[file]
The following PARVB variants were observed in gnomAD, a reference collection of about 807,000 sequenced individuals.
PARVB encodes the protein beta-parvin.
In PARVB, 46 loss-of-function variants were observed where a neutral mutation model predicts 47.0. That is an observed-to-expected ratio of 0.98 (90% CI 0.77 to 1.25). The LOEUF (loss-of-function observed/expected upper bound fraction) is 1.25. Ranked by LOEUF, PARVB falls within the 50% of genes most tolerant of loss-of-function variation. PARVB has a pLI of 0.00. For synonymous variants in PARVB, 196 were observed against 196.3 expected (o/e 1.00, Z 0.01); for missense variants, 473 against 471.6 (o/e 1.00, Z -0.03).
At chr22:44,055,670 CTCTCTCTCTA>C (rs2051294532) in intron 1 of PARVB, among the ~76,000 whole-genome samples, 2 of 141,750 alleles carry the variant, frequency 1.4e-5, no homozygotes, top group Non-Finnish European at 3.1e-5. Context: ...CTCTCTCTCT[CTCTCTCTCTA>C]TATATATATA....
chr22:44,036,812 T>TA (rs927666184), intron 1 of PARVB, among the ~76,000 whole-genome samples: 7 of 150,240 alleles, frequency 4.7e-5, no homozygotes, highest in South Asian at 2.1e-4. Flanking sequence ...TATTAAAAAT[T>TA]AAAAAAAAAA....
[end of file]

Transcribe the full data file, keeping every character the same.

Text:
The following PARVB variants were observed in gnomAD, a reference collection of about 807,000 sequenced individuals.
PARVB encodes the protein beta-parvin.
In PARVB, 46 loss-of-function variants were observed where a neutral mutation model predicts 47.0. That is an observed-to-expected ratio of 0.98 (90% CI 0.77 to 1.25). The LOEUF (loss-of-function observed/expected upper bound fraction) is 1.25. Ranked by LOEUF, PARVB falls within the 50% of genes most tolerant of loss-of-function variation. PARVB has a pLI of 0.00. For synonymous variants in PARVB, 196 were observed against 196.3 expected (o/e 1.00, Z 0.01); for missense variants, 473 against 471.6 (o/e 1.00, Z -0.03).
At chr22:44,055,670 CTCTCTCTCTA>C (rs2051294532) in intron 1 of PARVB, among the ~76,000 whole-genome samples, 2 of 141,750 alleles carry the variant, frequency 1.4e-5, no homozygotes, top group Non-Finnish European at 3.1e-5. Context: ...CTCTCTCTCT[CTCTCTCTCTA>C]TATATATATA....
chr22:44,036,812 T>TA (rs927666184), intron 1 of PARVB, among the ~76,000 whole-genome samples: 7 of 150,240 alleles, frequency 4.7e-5, no homozygotes, highest in South Asian at 2.1e-4. Flanking sequence ...TATTAAAAAT[T>TA]AAAAAAAAAA....